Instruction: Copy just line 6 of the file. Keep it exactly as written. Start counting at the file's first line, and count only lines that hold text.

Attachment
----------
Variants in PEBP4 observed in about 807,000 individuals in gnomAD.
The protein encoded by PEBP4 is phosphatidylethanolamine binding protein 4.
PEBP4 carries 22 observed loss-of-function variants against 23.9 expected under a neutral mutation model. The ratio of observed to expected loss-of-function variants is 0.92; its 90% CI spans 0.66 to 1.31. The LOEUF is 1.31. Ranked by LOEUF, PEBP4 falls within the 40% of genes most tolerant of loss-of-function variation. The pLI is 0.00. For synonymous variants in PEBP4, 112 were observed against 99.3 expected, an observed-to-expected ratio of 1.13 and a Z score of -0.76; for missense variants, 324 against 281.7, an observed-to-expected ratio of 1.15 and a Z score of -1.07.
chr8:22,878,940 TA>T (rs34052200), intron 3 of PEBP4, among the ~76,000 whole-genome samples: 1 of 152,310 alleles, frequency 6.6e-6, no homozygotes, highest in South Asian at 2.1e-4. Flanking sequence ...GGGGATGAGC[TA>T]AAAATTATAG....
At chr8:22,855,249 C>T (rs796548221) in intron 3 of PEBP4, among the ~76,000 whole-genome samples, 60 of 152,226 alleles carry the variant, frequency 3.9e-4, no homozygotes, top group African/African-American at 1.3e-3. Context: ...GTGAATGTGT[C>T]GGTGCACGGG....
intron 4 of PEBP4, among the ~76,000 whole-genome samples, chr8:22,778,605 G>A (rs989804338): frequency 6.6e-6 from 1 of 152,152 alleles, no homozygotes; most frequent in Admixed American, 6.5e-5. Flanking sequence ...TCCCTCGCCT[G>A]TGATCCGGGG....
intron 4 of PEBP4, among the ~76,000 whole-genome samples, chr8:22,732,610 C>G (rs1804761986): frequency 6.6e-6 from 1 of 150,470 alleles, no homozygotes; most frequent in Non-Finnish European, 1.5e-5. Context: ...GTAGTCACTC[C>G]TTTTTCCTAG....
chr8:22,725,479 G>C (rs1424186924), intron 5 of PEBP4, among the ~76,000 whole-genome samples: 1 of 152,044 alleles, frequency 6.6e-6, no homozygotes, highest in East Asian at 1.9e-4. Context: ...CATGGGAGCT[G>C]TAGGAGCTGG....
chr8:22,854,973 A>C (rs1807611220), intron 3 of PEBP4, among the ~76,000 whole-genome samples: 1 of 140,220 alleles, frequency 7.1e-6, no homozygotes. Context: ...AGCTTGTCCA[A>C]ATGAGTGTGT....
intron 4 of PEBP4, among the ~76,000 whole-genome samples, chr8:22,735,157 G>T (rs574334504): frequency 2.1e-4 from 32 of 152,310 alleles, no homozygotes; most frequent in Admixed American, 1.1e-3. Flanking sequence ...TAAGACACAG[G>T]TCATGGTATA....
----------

intron 4 of PEBP4, among the ~76,000 whole-genome samples, chr8:22,778,605 G>A (rs989804338): frequency 6.6e-6 from 1 of 152,152 alleles, no homozygotes; most frequent in Admixed American, 6.5e-5. Flanking sequence ...TCCCTCGCCT[G>A]TGATCCGGGG....